We alighted the bus airside but Steve was not allowed to get into the front cab with the driver, which is what he usually does. When this happens Steve can direct the driver where to stop, as the cab and the passenger part of the bus has no communication link between the two. Steve tried to explain that it would be easier if he rode up front, but the response was a simple "no that is not allowed." Hmmm this was looking interesting! We trundled off towards the maintenance ramp on the northwest side of the airport which is our usual first stop to take photos. There were lots of interesting aircraft on that ramp as usual but, as the bus got to the extreme north of the ramp, it simply continued on which resulted in lots of quizzical looks between us.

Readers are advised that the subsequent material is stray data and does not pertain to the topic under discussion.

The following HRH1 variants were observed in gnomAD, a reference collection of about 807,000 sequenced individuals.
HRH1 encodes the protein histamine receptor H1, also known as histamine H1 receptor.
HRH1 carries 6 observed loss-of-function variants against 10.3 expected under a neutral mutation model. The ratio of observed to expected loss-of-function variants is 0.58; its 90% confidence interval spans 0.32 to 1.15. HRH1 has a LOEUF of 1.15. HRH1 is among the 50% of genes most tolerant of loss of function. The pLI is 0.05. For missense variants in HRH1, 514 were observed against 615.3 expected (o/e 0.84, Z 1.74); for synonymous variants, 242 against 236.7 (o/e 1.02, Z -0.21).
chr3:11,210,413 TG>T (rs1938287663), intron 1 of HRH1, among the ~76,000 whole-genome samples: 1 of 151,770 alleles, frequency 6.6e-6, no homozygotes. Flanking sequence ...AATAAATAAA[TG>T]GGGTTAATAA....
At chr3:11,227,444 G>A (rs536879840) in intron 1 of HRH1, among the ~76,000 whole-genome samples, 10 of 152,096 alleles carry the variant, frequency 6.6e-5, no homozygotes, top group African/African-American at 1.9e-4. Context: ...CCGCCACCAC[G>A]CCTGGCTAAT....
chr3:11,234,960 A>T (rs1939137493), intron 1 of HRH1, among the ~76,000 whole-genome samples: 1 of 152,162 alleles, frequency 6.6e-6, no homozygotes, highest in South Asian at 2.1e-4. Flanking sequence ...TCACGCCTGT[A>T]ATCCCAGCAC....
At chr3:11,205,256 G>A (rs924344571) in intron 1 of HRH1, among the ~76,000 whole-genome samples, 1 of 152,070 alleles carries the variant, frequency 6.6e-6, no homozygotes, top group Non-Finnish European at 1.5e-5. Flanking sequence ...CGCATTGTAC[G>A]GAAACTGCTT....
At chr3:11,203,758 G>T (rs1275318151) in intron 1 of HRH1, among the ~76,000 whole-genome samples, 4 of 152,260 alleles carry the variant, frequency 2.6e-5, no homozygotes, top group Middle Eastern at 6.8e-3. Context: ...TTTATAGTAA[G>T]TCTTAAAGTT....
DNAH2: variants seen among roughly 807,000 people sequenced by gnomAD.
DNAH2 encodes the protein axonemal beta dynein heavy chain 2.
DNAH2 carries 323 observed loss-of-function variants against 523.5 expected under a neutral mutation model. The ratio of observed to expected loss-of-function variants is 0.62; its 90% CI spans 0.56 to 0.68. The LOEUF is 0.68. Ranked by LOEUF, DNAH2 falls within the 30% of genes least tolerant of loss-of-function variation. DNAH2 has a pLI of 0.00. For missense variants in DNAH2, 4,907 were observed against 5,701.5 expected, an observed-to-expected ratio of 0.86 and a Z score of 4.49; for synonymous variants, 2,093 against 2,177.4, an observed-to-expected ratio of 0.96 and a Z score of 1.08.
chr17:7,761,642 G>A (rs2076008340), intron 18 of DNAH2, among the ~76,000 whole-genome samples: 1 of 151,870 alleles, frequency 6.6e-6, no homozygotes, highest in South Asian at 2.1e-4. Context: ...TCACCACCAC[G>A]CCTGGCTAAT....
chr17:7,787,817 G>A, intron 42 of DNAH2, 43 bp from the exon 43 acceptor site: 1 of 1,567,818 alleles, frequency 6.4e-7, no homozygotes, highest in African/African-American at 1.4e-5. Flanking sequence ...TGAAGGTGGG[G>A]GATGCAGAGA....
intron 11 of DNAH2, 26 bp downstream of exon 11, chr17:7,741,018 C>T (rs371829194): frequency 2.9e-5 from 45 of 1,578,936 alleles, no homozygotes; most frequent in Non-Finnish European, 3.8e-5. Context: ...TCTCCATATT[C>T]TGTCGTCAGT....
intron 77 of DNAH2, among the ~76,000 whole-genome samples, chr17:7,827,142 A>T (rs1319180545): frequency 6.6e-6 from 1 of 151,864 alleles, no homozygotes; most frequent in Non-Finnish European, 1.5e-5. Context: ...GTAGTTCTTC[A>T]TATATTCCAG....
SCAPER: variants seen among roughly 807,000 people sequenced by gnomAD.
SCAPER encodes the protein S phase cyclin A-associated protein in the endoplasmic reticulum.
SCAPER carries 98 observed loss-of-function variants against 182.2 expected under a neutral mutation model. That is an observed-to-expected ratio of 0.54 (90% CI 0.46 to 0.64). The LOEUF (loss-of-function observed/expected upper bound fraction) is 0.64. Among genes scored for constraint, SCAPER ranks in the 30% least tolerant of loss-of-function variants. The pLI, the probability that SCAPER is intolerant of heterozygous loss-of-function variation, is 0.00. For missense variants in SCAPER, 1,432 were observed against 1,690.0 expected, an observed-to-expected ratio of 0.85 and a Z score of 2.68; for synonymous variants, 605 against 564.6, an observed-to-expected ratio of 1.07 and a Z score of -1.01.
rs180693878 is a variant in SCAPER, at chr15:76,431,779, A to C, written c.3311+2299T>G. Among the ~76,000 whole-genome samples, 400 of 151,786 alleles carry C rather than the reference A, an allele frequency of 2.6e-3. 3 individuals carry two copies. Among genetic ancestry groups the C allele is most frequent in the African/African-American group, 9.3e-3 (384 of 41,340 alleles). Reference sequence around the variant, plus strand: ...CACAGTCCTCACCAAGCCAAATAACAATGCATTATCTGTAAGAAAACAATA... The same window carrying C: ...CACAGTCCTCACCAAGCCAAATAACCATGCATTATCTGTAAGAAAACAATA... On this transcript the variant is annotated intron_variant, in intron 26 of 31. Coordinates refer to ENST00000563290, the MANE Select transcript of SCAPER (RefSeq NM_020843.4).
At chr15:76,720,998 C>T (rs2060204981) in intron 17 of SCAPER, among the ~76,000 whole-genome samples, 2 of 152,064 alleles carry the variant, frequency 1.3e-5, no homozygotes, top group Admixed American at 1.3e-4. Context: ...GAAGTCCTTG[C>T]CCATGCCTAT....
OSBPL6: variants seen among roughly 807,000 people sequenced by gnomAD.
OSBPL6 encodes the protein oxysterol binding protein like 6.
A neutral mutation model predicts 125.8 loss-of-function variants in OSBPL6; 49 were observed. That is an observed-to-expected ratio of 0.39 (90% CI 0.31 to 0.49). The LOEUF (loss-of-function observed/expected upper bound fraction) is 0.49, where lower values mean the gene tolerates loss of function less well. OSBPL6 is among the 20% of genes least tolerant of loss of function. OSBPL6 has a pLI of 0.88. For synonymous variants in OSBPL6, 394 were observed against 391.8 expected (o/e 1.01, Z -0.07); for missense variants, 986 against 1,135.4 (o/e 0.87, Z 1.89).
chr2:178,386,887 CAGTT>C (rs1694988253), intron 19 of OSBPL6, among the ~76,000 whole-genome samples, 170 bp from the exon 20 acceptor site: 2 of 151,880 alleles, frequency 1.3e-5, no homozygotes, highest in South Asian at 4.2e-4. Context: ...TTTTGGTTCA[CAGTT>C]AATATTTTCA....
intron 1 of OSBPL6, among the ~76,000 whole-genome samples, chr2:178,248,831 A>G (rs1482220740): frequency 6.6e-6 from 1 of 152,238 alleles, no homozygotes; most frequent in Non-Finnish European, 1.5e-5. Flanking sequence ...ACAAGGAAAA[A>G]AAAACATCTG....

We continued on towards the business jet ramp at the extreme end of the airport which we already knew was out of bounds to us as photographers, but, as we were there, we thought we may as well shoot a few out of the window. We stopped at the end and got off the bus, more than a little confused. There was a Boeing 727 parked on a new ramp between the biz jets and the runway so Steve asked if we could shoot it. Our escort was unsure but didn't put up any resistance as Steve announced that we would walk to the opposite side of the aircraft due to the direction of the sun. 4K-8888 is fitted with winglets and is painted in a very smart colour scheme and is operated by the Government of Azerbaijan. Off we trooped, well aware of the black security car parked next to the aircraft and with our escort trailing behind while desperately trying to make a phone call.